Mansfield FC let fans put a price on their Customer Experience

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Mansfield FC v Gateshead may not sound like the most exciting of football games to watch this weekend – but Mansfield are letting the fans decide that.

This Saturday, in hopes to drum up publicity. fan positivity and ultimately crowds, the League Two club announced they are allowing fans to pay what they want to watch the game. Fans will be able to turn up on the day, pay any amount to watch the game and sit where they want (although not in season ticket holders seats). They are even extending the offer to away fans!

“Let’s pack the ground for this match and roar the team on to victory,” said chairman Andrew Perry “We want to make it as easy as possible for the people of Mansfield to get behind the manager and players in our bid for promotion.”, while manager Dean Holdsworth said “Playing in front of a large crowd would be brilliant for the team.”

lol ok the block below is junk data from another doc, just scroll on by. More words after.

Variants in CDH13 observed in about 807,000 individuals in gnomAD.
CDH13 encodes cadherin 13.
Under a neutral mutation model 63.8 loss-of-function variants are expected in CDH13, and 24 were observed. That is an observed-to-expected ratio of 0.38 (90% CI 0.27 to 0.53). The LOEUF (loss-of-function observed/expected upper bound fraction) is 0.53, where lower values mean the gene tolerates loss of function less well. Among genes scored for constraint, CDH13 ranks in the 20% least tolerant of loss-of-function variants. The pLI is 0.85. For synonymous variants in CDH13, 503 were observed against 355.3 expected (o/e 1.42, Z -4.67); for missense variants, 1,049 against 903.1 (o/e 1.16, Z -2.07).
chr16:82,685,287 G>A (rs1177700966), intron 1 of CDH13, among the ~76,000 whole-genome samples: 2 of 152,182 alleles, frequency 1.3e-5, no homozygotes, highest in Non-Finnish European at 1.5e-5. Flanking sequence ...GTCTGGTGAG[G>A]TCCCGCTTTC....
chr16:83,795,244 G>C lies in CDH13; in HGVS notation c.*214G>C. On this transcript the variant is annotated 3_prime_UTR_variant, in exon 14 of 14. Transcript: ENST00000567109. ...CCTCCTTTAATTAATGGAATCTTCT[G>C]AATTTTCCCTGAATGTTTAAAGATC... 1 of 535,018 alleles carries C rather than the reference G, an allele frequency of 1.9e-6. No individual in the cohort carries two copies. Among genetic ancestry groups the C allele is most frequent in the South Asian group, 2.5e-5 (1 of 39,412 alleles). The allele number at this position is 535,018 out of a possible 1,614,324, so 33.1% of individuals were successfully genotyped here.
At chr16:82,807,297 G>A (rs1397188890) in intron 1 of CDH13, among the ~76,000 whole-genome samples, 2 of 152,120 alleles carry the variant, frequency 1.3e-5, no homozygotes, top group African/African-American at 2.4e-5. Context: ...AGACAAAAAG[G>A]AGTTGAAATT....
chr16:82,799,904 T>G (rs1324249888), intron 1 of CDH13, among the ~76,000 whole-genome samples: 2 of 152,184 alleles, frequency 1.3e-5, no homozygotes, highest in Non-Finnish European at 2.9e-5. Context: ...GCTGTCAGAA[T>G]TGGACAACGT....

The pay-what-you-want scheme was made famous by Radiohead in 2007, where anyone could download their album and their own price. Since then, the concept has even extended to restaurants. Just today, Little Bay in Farringdon, London announced it will be operating a pay-what-you-want scheme. Restaurant owner Peter Ilic said “It’s entirely up to each customer whether they give £100 or a penny. All I’m asking is they pay me what they think the food and service is worth”

Do you think your business could run on a pay-what-you-want scheme?

Do you think you offer a strong enough Customer Experience that consumers will pay for its true value?

Or do you feel it would expose the faults in your Customer Service and lose you money? What industries would decline if they ran the scheme?

 

 

 

1 COMMENT

  1. Hi Colin

    I wonder whether they would have earned more by charging a higher entry price but letting customers agree to pay less (or more)?

    Research in behavioural economics has shown that giving customers a complete solution at a higher price and letting them remove bits they don’t want provides higher returns than allowing customers to select just the items they want. This is connected to cognitive ownership biases.

    What a strange world we live in.

    Graham Hill
    Customer-centric Innovator
    Follow me on Twitter

    Interested in Customer Driven Innovation? Join the Customer Driven Innovation groups on LinkedIn or Facebook to learn more.

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